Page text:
Friday, March 31, 2023

Online proctored exams: Are they here to stay?

NewsCampus NewsOnline proctored exams: Are they here to stay?

Staff Reporter

As COVID-era learning comes to a close, one facet seems to have stuck around: the online proctored exam.

In 2020, the COVID-19 pandemic and the coinciding suspension of in-person classes presented professors with a problem: students could no longer show up in person to take exams. To solve this, some professors continued to use the standard Canvas quiz format, which allows the student to take the exam without being monitored. 

For some professors, this isn’t enough, as this format has few ways of deterring students from cheating. Therefore, the online proctored exam presents a solution for professors looking to prevent cheating and plagiarism.. A proctored exam refers to an online exam during which the student’s activity is monitored, with the main purpose being to maintain academic integrity.

Proctored exams come in a few different forms. One frequently used form at universities during the pandemic was the Respondus LockDown Browser. This tool is an external program that records video and audio of the student and completely locks the test takers computer until the exam has been finished or the window has been closed. The university has ended all use of the Lockdown Browser as of this semester, according to a message that appeared on students’ Canvas dashboards at the beginning of the semester. 

Currently, the most common exam proctoring tool used by the university’s professors is ProctorU. ProctorU, similar to the LockDown Browser, is a program that records the student’s webcam and screen while they take the exam. Another frequently used tool is Proctorio, which comes in the form of a browser extension.

Professor Kedron Thomas, who currently teaches a large asynchronous anthropology course at the university, said that while she prefers to have students take exams at the university’s testing center, she does offer online proctored exams.

“I don’t like the idea of students having to take exams with a stranger actively monitoring them via their screens and via their webcams,” Thomas said. “I wish there were alternatives that made sense and that could guarantee the fairness of exams that are administered online. I’m not sure what that would look like.”

Proctoring tools are a contentious subject and opinions on them vary. As in-person learning returns in full swing, many students question whether proctored exams should stick around. 

“I think it’s an invasion of privacy,” sophomore Mia Marciante, an accounting and financial planning and wealth management major, said.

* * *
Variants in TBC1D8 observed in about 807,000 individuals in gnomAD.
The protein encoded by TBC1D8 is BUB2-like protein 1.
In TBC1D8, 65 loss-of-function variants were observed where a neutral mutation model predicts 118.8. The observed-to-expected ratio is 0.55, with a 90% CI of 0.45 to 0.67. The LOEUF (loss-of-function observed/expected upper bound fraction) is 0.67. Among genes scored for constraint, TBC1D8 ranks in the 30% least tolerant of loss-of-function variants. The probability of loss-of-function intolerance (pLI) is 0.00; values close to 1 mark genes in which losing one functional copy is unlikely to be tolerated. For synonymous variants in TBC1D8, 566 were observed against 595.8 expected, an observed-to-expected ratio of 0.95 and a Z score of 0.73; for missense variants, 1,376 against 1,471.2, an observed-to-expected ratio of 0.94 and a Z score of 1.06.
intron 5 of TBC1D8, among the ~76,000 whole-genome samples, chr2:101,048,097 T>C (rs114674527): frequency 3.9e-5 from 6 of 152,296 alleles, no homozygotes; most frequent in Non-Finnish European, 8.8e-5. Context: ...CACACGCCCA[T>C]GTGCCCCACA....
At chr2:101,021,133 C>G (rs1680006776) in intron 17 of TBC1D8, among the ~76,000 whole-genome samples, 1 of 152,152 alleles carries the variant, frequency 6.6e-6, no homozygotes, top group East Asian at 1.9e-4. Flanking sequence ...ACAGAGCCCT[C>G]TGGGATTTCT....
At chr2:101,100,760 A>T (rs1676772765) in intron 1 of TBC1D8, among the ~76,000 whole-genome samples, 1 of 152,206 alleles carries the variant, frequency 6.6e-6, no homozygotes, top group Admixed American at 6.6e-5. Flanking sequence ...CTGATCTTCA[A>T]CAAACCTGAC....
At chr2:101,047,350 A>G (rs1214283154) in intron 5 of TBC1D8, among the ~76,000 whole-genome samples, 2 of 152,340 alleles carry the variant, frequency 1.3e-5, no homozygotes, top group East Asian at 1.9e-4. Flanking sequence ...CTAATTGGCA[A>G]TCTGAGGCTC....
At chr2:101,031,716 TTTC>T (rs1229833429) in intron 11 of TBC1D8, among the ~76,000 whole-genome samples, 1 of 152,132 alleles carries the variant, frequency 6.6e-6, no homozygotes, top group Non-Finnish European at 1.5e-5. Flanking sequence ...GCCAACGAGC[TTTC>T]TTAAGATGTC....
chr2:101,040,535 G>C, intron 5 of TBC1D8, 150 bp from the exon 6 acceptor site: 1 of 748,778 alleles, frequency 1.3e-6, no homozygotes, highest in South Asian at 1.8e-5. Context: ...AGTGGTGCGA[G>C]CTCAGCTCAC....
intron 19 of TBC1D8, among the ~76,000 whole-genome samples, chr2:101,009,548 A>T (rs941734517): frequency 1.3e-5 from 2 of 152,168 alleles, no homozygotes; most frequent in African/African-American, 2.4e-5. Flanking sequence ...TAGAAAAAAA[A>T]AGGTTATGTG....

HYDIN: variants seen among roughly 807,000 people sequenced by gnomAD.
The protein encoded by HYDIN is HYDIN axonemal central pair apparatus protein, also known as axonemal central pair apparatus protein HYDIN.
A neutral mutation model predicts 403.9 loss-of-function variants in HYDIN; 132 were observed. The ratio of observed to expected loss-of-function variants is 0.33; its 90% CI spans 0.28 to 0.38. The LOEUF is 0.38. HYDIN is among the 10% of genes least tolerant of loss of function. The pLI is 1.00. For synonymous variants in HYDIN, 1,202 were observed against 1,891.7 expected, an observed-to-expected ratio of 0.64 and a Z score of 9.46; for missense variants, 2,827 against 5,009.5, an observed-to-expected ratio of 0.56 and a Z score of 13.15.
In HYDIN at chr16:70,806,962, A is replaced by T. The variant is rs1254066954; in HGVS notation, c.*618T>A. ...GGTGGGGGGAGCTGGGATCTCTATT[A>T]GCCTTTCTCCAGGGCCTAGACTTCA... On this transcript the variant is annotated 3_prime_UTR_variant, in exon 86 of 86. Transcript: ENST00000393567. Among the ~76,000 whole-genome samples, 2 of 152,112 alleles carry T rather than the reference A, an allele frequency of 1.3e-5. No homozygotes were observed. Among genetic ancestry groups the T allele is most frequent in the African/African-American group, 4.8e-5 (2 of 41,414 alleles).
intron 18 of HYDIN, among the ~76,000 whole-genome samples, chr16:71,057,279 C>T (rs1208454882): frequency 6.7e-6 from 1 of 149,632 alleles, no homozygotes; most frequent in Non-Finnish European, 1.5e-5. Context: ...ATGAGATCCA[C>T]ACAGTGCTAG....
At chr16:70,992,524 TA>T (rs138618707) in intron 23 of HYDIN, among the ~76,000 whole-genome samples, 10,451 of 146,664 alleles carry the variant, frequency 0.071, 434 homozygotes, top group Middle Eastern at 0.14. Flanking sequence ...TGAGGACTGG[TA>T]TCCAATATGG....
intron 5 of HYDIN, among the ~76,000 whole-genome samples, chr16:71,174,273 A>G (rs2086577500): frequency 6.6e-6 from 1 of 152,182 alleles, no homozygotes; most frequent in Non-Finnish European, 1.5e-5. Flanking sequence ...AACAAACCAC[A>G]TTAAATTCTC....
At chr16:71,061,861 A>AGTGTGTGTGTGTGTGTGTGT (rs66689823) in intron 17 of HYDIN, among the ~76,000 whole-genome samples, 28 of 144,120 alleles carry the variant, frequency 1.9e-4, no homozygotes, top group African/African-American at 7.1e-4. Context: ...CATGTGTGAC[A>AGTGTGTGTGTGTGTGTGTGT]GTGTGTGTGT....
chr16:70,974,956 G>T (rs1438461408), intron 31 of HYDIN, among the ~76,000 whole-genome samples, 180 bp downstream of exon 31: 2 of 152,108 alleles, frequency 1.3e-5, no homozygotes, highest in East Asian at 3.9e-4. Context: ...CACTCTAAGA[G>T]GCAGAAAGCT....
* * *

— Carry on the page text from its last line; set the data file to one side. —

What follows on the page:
Marciante specifically voiced her frustrations with proctored math exams, many of which record any notes that the student may take during the exam. 

“I’m afraid if I do anything, like look away from the camera, they’ll think I’m cheating,” Marciante said. 

Marciante said that she prefers online exams over in-person exams. This is a common sentiment among students since taking an exam within a set time frame rather than an exact time is more convenient for some. 

“Online exams are frankly easier, especially when they’re open-book and open-note,” sophomore Carter Lazarus, a psychology major, said. 

There are varying opinions on the lengths to which professors should go to deter students from cheating on exams. 

“I think a lockdown browser should be enough, since everything is already online these days,” Marciante said. “That should stop them from cheating, even our notes and textbooks are usually online.”

While proctored exams may not be ideal for students, Lazarus said there are few other options for professors for online exam monitoring.

“In a lot of ways, proctored exams are one of the only ways you can monitor an online exam and prevent cheating,” Lazarus said. “Otherwise you kind of have to make it open-note and rely on students’ truthfulness.”

Thomas expressed that testing is already really stressful for students and being monitored through their webcams only makes it harder for them.

“We’re in a moment now where we have minimal options, and maybe none of them are ideal,” Thomas said.




Please enter your comment!
Please enter your name here

Check out our other content

Check out other tags:

Most Popular Articles